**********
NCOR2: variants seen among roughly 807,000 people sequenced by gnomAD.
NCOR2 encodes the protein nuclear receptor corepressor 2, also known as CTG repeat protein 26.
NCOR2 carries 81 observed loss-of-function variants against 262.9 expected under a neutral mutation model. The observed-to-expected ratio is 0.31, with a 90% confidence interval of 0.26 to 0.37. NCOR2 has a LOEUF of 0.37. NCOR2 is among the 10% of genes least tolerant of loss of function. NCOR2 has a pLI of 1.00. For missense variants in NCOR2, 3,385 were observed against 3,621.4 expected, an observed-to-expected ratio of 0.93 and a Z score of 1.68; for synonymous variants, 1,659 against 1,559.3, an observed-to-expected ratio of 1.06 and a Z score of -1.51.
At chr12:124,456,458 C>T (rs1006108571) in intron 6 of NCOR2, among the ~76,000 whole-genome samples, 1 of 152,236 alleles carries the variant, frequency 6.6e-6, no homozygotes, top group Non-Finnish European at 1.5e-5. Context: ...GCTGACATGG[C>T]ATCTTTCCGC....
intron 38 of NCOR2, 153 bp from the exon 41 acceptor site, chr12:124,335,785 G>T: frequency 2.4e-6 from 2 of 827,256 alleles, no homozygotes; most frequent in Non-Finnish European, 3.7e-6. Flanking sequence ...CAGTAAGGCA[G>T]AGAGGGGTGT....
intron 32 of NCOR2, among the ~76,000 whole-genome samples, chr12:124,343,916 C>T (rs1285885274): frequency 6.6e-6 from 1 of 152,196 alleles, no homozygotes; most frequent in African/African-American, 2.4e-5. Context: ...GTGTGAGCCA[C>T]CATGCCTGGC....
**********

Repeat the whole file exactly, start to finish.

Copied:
NCOR2: variants seen among roughly 807,000 people sequenced by gnomAD.
NCOR2 encodes the protein nuclear receptor corepressor 2, also known as CTG repeat protein 26.
NCOR2 carries 81 observed loss-of-function variants against 262.9 expected under a neutral mutation model. The observed-to-expected ratio is 0.31, with a 90% confidence interval of 0.26 to 0.37. NCOR2 has a LOEUF of 0.37. NCOR2 is among the 10% of genes least tolerant of loss of function. NCOR2 has a pLI of 1.00. For missense variants in NCOR2, 3,385 were observed against 3,621.4 expected, an observed-to-expected ratio of 0.93 and a Z score of 1.68; for synonymous variants, 1,659 against 1,559.3, an observed-to-expected ratio of 1.06 and a Z score of -1.51.
At chr12:124,456,458 C>T (rs1006108571) in intron 6 of NCOR2, among the ~76,000 whole-genome samples, 1 of 152,236 alleles carries the variant, frequency 6.6e-6, no homozygotes, top group Non-Finnish European at 1.5e-5. Context: ...GCTGACATGG[C>T]ATCTTTCCGC....
intron 38 of NCOR2, 153 bp from the exon 41 acceptor site, chr12:124,335,785 G>T: frequency 2.4e-6 from 2 of 827,256 alleles, no homozygotes; most frequent in Non-Finnish European, 3.7e-6. Flanking sequence ...CAGTAAGGCA[G>T]AGAGGGGTGT....
intron 32 of NCOR2, among the ~76,000 whole-genome samples, chr12:124,343,916 C>T (rs1285885274): frequency 6.6e-6 from 1 of 152,196 alleles, no homozygotes; most frequent in African/African-American, 2.4e-5. Context: ...GTGTGAGCCA[C>T]CATGCCTGGC....